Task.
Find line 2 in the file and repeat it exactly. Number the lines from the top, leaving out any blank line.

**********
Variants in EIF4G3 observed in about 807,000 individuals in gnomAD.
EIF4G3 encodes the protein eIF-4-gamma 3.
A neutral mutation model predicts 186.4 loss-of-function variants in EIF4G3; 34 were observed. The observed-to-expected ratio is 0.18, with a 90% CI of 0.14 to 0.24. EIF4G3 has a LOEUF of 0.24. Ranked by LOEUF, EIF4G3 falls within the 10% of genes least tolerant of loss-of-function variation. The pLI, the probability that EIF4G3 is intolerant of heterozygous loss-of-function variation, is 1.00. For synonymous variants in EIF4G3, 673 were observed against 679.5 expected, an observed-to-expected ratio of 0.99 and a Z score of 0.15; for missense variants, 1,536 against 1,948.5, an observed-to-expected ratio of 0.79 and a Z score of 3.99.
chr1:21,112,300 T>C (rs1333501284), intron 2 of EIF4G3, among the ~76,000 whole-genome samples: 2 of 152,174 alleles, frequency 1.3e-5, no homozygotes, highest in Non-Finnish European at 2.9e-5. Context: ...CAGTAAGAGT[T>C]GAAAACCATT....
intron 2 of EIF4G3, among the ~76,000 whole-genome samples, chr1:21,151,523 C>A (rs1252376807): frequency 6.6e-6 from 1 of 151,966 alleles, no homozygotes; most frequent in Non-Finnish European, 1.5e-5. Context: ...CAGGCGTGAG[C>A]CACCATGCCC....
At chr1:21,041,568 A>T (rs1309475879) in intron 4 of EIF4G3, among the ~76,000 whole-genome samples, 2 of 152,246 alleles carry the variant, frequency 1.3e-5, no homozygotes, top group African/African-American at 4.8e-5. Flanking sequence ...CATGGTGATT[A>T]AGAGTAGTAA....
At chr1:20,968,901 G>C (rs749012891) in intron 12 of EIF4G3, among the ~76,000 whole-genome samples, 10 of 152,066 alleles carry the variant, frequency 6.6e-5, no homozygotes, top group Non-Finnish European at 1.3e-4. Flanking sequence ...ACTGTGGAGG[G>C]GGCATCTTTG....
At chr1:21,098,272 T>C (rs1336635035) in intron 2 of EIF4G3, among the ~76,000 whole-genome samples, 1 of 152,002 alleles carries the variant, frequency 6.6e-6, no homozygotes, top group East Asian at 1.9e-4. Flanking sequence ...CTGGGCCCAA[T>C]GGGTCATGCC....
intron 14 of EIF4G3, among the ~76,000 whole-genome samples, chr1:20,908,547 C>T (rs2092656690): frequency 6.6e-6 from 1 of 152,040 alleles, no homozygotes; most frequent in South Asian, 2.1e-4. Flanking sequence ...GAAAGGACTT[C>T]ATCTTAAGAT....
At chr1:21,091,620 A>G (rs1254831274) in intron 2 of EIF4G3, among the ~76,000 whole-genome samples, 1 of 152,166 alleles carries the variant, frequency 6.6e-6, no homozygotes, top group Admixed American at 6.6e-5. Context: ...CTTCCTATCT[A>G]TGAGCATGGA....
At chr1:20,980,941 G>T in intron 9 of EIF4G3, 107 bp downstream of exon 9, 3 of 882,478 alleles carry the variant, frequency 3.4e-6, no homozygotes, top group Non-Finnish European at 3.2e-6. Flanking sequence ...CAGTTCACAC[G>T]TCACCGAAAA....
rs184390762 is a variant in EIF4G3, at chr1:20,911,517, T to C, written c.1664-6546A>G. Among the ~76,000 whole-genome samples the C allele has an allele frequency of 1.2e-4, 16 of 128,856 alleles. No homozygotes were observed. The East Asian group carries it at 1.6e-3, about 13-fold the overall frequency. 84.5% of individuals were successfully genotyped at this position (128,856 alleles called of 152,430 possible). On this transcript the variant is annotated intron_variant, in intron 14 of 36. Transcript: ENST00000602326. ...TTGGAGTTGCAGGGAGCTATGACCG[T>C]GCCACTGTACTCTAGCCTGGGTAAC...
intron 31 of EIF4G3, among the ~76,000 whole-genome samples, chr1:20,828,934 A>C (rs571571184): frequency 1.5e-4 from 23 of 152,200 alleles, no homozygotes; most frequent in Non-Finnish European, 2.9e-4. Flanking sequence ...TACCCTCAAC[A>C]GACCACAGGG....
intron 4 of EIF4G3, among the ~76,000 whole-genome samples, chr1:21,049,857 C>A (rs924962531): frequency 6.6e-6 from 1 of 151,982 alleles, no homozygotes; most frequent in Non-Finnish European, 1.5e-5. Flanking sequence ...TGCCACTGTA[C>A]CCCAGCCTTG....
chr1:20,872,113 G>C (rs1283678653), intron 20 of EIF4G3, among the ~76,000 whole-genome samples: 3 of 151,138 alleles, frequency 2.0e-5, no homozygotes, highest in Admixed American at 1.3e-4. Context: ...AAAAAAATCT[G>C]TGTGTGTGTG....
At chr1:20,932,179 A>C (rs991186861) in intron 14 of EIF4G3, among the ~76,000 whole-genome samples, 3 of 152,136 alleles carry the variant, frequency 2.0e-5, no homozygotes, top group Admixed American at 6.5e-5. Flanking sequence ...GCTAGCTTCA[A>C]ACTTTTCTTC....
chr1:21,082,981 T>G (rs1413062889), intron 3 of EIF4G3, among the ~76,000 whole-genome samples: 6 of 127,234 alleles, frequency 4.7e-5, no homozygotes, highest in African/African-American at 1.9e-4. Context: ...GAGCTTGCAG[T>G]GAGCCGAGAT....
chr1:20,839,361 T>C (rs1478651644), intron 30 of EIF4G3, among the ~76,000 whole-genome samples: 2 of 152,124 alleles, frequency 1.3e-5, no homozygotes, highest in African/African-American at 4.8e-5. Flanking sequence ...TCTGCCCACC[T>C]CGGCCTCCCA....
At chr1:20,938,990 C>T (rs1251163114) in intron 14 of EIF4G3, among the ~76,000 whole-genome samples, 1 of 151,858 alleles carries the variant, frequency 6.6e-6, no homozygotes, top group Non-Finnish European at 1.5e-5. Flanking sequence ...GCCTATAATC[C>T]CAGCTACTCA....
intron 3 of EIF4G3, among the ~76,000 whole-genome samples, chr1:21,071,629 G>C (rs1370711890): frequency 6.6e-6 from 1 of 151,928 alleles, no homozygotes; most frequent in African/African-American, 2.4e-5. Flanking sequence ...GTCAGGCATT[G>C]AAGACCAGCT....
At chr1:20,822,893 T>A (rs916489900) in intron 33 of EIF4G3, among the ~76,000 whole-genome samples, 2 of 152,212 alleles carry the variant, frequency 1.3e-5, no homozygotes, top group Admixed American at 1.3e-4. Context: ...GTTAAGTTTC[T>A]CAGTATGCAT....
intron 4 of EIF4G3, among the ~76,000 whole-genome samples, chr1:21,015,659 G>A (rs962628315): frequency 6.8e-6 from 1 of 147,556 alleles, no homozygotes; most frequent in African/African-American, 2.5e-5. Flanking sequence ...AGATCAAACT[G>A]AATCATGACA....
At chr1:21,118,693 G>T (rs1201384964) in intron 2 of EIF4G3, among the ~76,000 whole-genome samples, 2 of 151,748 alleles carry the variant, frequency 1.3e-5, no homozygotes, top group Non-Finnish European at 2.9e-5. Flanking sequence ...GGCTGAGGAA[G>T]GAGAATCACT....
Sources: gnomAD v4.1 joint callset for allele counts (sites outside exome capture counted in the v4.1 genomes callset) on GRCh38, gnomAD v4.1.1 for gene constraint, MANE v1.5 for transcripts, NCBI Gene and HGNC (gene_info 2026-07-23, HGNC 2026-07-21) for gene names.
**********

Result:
EIF4G3 encodes the protein eIF-4-gamma 3.